I’ll wrap up with one last strategy, the Cooperative Sentence Strip Paragraph.  Like many of the other strategies we’ve shared, this one can be adapted to any topic, not just Día de los Muertos.  It’s a great activity to use at the end of a unit to assess student learning.  In this activity, students work in small groups to create sentences, then work as  whole class to create a paragraph from those sentences.  This serves as both a review of content material and practice in both oral and written language fluency.

Estimated Time: 60 minutes

Materials: Large chart or butcher paper, large sentence strips, notebook paper, markers, magnets, tape

Procedure:

  1. Preparation: Create a topic sentence that encompasses the unit you are studying.  For a unit on Día de los Muertos, this could be something like “Día de los Muertos is an important celebration in Mexico and other parts of Latin America.” Or, “Día de los Muertos is a celebration that honors those who have passed away.”  Write the topic sentence on large butcher or chart paper.
  2. Read the topic sentence with students.
  3. Explain to students that they are going to work in small groups to create a sentence that would be relevant for a paragraph with the topic sentence you’ve provided.  In order to get students excited and engaged, a game-like quality is added to the assignment.  After discussing options among their group, the group will write their rough draft sentence on a piece of notebook paper.  When they have done this, they raise their hands for the teacher to check their sentence.  If there are any errors, factual or grammatical, the teacher guides them to these mistakes without correcting it for them.  Students must fix the sentence and then raise their hands to have it checked again.  If it is correct, students get the final copy sentence strip paper and re-write their sentence on it.  The key here is that no two groups can write the same sentence about the same supporting fact.  The goal is to finish as quickly as possible before someone else uses the same idea.  When the students have finished their final copy sentence, they put it on the large paper underneath the topic sentence using magnets so that they can be easily moved during the editing process.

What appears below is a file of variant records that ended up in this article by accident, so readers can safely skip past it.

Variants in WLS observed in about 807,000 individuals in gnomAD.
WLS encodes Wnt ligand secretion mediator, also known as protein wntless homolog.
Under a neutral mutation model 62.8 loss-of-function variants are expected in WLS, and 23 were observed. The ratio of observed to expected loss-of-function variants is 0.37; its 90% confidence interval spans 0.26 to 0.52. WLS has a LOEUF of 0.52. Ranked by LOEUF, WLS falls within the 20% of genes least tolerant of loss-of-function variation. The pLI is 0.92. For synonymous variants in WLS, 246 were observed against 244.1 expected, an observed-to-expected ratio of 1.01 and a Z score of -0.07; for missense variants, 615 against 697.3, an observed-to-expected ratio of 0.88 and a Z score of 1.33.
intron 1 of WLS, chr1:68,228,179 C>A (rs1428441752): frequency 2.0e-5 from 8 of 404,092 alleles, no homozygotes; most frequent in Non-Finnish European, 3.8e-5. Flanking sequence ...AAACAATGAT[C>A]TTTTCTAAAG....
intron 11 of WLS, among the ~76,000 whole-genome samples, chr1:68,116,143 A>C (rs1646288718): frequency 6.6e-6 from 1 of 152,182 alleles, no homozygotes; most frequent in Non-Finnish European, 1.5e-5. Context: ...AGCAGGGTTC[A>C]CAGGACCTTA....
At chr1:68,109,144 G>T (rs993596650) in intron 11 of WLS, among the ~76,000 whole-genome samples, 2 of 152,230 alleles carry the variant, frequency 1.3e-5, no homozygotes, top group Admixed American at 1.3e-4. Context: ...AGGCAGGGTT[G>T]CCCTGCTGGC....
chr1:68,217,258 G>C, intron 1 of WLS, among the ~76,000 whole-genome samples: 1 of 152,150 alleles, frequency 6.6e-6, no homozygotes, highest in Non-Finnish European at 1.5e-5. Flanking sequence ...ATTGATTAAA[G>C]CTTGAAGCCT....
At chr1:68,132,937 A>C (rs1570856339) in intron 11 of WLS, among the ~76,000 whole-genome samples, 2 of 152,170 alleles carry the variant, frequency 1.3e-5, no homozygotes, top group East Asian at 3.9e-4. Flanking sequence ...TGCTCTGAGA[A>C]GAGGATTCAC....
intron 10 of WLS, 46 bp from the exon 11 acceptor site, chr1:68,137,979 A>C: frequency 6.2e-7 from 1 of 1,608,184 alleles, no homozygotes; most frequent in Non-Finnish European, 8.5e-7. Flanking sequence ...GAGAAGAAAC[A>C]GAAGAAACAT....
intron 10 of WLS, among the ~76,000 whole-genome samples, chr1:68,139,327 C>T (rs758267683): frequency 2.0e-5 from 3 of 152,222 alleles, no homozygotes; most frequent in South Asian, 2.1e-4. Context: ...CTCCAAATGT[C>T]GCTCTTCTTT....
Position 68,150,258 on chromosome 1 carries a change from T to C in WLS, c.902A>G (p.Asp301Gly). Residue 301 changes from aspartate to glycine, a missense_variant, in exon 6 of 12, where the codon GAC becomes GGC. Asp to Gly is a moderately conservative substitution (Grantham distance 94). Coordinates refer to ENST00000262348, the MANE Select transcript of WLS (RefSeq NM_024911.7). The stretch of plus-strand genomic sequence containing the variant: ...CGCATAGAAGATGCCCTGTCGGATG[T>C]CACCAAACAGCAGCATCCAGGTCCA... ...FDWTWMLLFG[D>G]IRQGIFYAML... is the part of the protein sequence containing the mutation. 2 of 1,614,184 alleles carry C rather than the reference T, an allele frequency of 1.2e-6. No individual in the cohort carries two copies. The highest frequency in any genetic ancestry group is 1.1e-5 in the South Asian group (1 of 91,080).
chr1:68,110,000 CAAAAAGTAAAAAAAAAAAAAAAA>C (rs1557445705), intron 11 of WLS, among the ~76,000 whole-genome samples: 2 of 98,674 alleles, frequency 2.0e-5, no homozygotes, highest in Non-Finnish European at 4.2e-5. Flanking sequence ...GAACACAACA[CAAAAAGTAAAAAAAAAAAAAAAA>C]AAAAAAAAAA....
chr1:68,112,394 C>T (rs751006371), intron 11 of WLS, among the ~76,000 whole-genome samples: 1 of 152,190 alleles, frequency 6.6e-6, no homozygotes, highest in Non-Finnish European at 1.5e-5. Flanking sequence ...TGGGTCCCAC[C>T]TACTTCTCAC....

4. Once all groups have hung up their sentences, the class read through all the sentences together.  Guided by the teacher, the class discusses the best order to put the sentences in—is there a sentence that should clearly go directly after the topic sentence? Are there facts that should be grouped together? As the class makes these decisions, the teacher moves the sentences around, visually modeling how to edit a paragraph.
  5. When the paragraph is completely edited, the class reads it out loud together.
  6. This activity can be done multiple times in one unit depending upon how many different kinds of topic sentences can be created.  It can also be expanded upon asking each student or small group to create their own paragraph once the whole class activity has been modeled.

We hope you’ve found our posts on Día de los Muertos useful! We’d love to hear how you’re using any of these resources in your classrooms!

Until next week,

Katrina